If misery loves company, stretch marks are the hit of the pity party. Catalog the most common skin lesions and stretch marks is the premier listing. Comfort yourself at your child's next play-date with the knowledge that on top of the up to 70 percent of women who don't even make it to adulthood unscathed, 90 percent of pregnant women get a bundle of stretch marks with their bundle of joy.
Think the guys are getting off easy? 40 percent of men don't make it through adolescence without the battle scars of rapid growth. Oddly, for such a pervasive problem, the fixes virtually all come with the caveat that they won't "cure" the problem, only incrementally improve their appearance at best. No need to simply give up however. Incremental improvement is still improvement and with a little camouflage you may be able to fake flawless skin altogether.
First, let's talk prevention in case you've managed to make it this far without a stretch mark. Think overall skin health.
1. Eat a balanced diet rich in fruits and vegetables, good fats (olive oil, rich fish like salmon, nut oils), whole grains, and water, water, and more water for hydration.
2. Keep fried, sugary, nutrient-stripped, and over-processed food off your plate.
3. Get some exercise to keep the blood flowing and skin functioning at its peak.
4. Add to that regimen regular moisturizing to keep skin supple (focus on hips, thighs, breasts, buttocks, and abdomen the favored haunts of stretch marks) and you've at least done what you can to give your skin a fighting chance and try to overcome heredity (yep, if you're mom has stretch marks they are more likely to be your legacy as well).
That said, slathering on all the topical moisturizers in the world aren't going to keep you from getting a stretch marks because in reality, these stria (their clinical name) develop deep in the dermis layer of your skin before they ever surface. What happens is at certain times in our lives (adolescence, when you're pregnant, while piling on the pounds, or pumping up with heavy weight lifting) a hormone called glucocorticoid is being pumped into your system at higher levels than at other times.
Glucocorticoid disrupts the formation of collagen and elastin fibers (the scaffolding that keeps skin firm). When that scaffolding is lacking the skin microscopically tears resulting in a stretch mark. They generally are reddish at first (miniscule capillaries burst within the tear) and after passing through a bluish-purplish phase, fade over time to a silvery streak. How you go about treating them depends on what stage they are in.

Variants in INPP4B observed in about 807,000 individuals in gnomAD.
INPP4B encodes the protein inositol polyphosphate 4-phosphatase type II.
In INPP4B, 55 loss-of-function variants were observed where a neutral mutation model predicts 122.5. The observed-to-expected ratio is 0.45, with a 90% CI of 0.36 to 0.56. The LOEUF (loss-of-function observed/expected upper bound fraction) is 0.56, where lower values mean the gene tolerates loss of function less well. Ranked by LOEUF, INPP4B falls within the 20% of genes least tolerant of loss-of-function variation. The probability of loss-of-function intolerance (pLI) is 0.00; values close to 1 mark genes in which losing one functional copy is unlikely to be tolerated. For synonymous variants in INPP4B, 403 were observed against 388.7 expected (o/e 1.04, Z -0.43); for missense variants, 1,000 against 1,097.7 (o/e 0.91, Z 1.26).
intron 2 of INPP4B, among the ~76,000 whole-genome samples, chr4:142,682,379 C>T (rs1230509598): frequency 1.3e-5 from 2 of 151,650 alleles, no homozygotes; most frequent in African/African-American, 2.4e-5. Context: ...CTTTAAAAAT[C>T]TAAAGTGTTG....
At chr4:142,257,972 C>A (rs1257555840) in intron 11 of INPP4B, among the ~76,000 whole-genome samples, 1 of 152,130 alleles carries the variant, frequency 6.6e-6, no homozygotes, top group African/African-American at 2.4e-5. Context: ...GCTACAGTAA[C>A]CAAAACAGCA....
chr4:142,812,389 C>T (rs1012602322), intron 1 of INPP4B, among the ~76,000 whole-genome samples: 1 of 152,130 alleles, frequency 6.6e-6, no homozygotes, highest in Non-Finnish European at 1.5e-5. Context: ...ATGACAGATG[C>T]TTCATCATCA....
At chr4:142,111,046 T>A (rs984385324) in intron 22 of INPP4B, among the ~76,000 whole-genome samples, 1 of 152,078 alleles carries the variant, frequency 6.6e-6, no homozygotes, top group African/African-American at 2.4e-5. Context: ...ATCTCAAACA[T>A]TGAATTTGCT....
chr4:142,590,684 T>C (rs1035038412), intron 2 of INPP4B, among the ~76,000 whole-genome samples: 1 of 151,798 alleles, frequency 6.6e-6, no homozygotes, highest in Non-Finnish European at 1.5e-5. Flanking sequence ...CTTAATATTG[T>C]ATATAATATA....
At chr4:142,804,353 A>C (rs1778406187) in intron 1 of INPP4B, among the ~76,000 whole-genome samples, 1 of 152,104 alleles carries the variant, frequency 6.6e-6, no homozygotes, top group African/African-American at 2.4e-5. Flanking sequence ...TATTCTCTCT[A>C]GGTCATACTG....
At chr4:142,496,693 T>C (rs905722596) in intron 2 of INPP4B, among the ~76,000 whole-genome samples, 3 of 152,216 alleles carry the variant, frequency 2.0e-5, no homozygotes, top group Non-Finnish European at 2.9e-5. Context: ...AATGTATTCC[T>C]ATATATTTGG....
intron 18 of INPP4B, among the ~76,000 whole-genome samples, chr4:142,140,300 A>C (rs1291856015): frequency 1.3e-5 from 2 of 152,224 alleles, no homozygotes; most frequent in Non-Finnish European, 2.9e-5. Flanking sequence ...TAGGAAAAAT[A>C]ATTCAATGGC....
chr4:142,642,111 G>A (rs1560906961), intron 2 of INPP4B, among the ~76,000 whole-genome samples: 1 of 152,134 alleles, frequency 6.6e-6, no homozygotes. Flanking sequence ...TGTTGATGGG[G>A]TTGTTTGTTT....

If you notice the stretch marks when they are still red, you have the best chance of improving their appearance. Either get to your dermatologist for a prescription of Retin-A, start a vitamin C serum regimen, or grab a tube of the scar softener Mederma and use it religiously. If you expect instant results, you'll be disappointed. You'll pass through several seasons before making an impact. If you're pregnant or nursing, pass on the Retin-A.
If you missed the initial red stage and the marks have already faded in color, bundling products aimed at stimulating the collagen may make an impact. Consider a routine that introduces various products that work syngergistically. Try applying a super-moisturizing glycolic acid cream such as DERMAdoctor KP Duty Dermatologist Moisturizing Therapy For Dry Skin every other night, alternating with a retinol containing product like DERMAdoctor Poetry In Lotion intensive retinol 1.0 or Afirm 3X (or a prescription version like Retin-A or Renova) to tackle the marks. (The retinoid should be not be used by women who are pregnant or nursing). Every morning, apply a skin-firming vitamin C serum like Cellex-C Advanced-C Serum.
Microdermabrasion (basically skin-safe sandblasting performed by a trained person) treatments may also stimulate the underlying collagen lessening the appearance of stretch marks. Likewise, using a home microdermabrasion treatment such as DermaNew Total Body Experience Kit or Dr. Brandt Microdermabrasion Exfoliating Face Cream or combining an AHA chemical peel with a microdermabrasion treatment such as DERMAdoctor Physical Chemistry Facial Microdermabrasion + Multiacid Chemical Peel can enhance your result; just don't try to scrub them away. Slow and steady over time. What you're trying to do is speed up the cell renewal so the damaged fibers can be replaced by new ones).
If you have the means, there is some evidence that laser therapy can help. Depending on the stage the stretch mark is in, laser treatments can either fade a red mark, stimulate pigment production in a silvery streak, or boost the production of collage to help plump up the indentation of a stretch mark.
Not to disappoint, but no matter how successful the treatments are, like any scar, there will be a hint that it was there. Don't chase the dream of pre-puberty skin. But don't give up either. Add camouflage to your routine and you may get near flawless results.
Since you're already lubricating your skin with a moisturizer to head off more damage, use one with a hint of self tanner. Unlike baking in the sun which further damages collagen, self tanners can visually even out the appearance of your skin so the silvery marks aren't as visible. Liquid body foundations (such as Dermablend) can also mask marks with super-pigmented formulations that are also super-long lasting.
For the complete self tanner experience, consider using Rodial Brazilian Tan - DARK or go all-out for the home-use GlowFusion AirGlow Airbrush Gun System. A final option - why not get bronzed and beautiful when applying your sunscreen? MD Skincare All-In-One Tinted Moisturizer Sunscreen SPF 15 provides color to match your skin tone and a broad spectrum SPF 30, too.
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